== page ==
I cannot sleep profusely with the irritation of tinnitus so I switched the laptop onto re-watch a segement of the BBC's latest series on Poetic works of classical works and modernists. Finally, poetry has been elevated from the dusty library books to the flat screen television's across the UK which all started last week with the very passionate and over-excitedly giddy Griff Rhys Jones on BBC Two's Why Poetry Matters programme that showed many contributors especially liked to hear similar (I had to wear headphones of course) Yorkshire dialect of Simon Armitage who also writes wonderfully as he sounds .
But the one I've awaited until tonight which I watched keenly- Armando Iannucci in Milton's Heaven and Hell especially as I wrote an essay in the first semester on whether the poets Wyatt and Milton of such strong beliefs attempts to challenge the poetic conventions of the times. It seems according to Plashing Vole that I did not need to research, countlessly re-read and write such a exaggeratedly tedious essay in hope I showed my full understanding. But one thing I couldn't prove was, not that I understood it but that I was in complete awe that he could establish so many factors into the works of Paradise Lost and that is precisely what Iannucci does.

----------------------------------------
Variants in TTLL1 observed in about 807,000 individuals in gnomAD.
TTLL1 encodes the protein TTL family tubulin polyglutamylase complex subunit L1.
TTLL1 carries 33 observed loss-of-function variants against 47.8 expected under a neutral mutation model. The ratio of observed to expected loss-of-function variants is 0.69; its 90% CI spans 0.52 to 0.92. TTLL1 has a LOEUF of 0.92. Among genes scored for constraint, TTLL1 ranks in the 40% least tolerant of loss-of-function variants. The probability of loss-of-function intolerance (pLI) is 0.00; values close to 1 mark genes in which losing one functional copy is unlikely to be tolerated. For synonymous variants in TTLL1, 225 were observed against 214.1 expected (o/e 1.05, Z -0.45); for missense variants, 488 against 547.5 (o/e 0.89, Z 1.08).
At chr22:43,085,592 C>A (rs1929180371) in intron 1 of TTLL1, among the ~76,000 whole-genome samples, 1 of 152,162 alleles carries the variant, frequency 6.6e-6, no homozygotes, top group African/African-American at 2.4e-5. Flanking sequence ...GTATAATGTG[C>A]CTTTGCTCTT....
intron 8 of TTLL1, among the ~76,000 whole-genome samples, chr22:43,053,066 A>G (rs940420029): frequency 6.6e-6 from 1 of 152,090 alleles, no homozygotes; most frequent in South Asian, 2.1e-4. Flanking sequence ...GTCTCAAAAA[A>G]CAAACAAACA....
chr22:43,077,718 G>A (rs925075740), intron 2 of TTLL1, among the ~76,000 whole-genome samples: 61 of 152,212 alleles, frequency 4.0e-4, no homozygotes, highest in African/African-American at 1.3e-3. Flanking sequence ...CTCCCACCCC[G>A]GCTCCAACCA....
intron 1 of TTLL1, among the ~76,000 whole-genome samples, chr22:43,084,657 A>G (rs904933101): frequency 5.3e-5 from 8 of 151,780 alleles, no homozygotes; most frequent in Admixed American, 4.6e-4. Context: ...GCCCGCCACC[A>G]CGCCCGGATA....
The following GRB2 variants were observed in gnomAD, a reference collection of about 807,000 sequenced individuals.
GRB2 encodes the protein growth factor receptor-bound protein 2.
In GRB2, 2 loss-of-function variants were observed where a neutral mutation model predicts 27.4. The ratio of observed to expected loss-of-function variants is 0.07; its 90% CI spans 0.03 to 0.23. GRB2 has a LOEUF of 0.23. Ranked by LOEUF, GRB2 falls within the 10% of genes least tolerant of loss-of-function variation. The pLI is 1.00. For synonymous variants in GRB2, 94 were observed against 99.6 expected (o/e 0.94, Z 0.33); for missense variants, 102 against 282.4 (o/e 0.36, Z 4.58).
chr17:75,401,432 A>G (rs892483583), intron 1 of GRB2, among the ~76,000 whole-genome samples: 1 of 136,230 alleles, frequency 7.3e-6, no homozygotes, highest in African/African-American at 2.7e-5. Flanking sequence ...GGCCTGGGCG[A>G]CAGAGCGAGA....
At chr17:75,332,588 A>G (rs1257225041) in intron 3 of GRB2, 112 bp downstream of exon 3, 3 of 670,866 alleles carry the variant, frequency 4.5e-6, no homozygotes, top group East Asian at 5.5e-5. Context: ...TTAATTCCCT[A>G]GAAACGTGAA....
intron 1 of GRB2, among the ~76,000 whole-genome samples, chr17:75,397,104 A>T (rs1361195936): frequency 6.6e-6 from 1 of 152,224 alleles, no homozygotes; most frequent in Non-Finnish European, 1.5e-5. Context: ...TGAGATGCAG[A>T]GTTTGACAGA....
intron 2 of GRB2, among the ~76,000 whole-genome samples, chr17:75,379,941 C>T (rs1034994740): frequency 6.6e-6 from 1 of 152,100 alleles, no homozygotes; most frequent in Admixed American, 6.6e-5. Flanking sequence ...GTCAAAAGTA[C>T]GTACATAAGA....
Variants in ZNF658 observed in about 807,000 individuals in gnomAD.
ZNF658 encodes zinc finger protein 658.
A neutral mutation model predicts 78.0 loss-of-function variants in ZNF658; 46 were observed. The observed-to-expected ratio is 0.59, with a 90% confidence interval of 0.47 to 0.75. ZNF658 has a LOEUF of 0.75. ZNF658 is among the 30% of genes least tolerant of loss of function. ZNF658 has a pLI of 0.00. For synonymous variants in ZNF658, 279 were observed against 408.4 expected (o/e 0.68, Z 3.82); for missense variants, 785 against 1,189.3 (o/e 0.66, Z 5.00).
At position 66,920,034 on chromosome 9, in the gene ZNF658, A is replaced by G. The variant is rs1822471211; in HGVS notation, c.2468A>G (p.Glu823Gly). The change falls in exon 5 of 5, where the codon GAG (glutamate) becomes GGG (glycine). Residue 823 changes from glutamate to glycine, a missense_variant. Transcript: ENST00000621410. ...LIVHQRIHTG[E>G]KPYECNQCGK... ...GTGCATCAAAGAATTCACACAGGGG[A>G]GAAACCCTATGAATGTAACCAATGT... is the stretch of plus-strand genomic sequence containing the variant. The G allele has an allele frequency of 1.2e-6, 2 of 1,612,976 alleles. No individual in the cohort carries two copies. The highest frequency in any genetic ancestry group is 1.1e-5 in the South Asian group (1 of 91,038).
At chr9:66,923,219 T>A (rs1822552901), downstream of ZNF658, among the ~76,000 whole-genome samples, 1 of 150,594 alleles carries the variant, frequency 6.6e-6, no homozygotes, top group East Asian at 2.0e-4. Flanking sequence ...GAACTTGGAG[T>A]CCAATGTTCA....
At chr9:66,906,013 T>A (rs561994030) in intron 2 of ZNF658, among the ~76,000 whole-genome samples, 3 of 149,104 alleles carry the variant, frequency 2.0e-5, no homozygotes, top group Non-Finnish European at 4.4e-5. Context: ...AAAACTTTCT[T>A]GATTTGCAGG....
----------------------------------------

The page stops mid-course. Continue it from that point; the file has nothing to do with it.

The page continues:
The programme is perhaps a tad simplistic at times especially for those who have read Paradise Lost more then a couple of times it also shows the wider picture linking the allusions to the inner thinking of perhaps the most learned poet I have encountered. Also the background work before the aforementioned epic was mentioned freely and I rather liked the part when Iannucci explained Milton's morality citing the works of Areopagitca saying it was 'the most perfect expression in English of defence and freedom of speech' therein lead to the belief that Milton saw books as having 'intrinsic merit.' It goes on to describe the passage leading to Milton's imprisonment and how he wrote, whilst blinded and assisted by a friend, Paradise Lost.
If you missed it, here is a chance to view it once again on that rather useful device BBC iPlayer which handily for me comes with subtitles so I shan't need the headphones I've packed.
I shall be tuning into the BBC Four showing of the Anglo-Saxon world – to reveal the origins of our literary heritage in Michael Wood On Beowulf. Hopefully, if you haven't already then so shall you.
Oh lord, it seems one must sleep now. Ciao.